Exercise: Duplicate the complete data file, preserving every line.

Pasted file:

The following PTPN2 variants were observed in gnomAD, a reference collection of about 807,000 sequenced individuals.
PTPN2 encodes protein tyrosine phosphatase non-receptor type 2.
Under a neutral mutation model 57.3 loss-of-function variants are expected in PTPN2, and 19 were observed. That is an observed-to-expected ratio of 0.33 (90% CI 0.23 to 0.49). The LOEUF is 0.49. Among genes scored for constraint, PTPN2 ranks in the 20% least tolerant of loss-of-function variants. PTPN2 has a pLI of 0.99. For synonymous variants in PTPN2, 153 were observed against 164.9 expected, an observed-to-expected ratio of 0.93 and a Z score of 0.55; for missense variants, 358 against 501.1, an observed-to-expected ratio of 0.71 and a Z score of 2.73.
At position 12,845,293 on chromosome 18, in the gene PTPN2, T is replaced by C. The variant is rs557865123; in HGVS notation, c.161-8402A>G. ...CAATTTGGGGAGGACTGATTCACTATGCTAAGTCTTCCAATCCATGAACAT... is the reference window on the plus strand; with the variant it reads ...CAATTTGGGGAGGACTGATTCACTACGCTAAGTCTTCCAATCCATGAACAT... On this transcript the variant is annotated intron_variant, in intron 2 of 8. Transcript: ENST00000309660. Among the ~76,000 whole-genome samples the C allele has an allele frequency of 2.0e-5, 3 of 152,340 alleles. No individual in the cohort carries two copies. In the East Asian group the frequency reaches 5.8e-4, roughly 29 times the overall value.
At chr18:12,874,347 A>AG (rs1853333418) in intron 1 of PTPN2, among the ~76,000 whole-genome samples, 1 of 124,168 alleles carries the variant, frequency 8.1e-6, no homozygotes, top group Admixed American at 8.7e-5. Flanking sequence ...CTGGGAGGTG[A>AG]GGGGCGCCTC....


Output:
The following PTPN2 variants were observed in gnomAD, a reference collection of about 807,000 sequenced individuals.
PTPN2 encodes protein tyrosine phosphatase non-receptor type 2.
Under a neutral mutation model 57.3 loss-of-function variants are expected in PTPN2, and 19 were observed. That is an observed-to-expected ratio of 0.33 (90% CI 0.23 to 0.49). The LOEUF is 0.49. Among genes scored for constraint, PTPN2 ranks in the 20% least tolerant of loss-of-function variants. PTPN2 has a pLI of 0.99. For synonymous variants in PTPN2, 153 were observed against 164.9 expected, an observed-to-expected ratio of 0.93 and a Z score of 0.55; for missense variants, 358 against 501.1, an observed-to-expected ratio of 0.71 and a Z score of 2.73.
At position 12,845,293 on chromosome 18, in the gene PTPN2, T is replaced by C. The variant is rs557865123; in HGVS notation, c.161-8402A>G. ...CAATTTGGGGAGGACTGATTCACTATGCTAAGTCTTCCAATCCATGAACAT... is the reference window on the plus strand; with the variant it reads ...CAATTTGGGGAGGACTGATTCACTACGCTAAGTCTTCCAATCCATGAACAT... On this transcript the variant is annotated intron_variant, in intron 2 of 8. Transcript: ENST00000309660. Among the ~76,000 whole-genome samples the C allele has an allele frequency of 2.0e-5, 3 of 152,340 alleles. No individual in the cohort carries two copies. In the East Asian group the frequency reaches 5.8e-4, roughly 29 times the overall value.
At chr18:12,874,347 A>AG (rs1853333418) in intron 1 of PTPN2, among the ~76,000 whole-genome samples, 1 of 124,168 alleles carries the variant, frequency 8.1e-6, no homozygotes, top group Admixed American at 8.7e-5. Flanking sequence ...CTGGGAGGTG[A>AG]GGGGCGCCTC....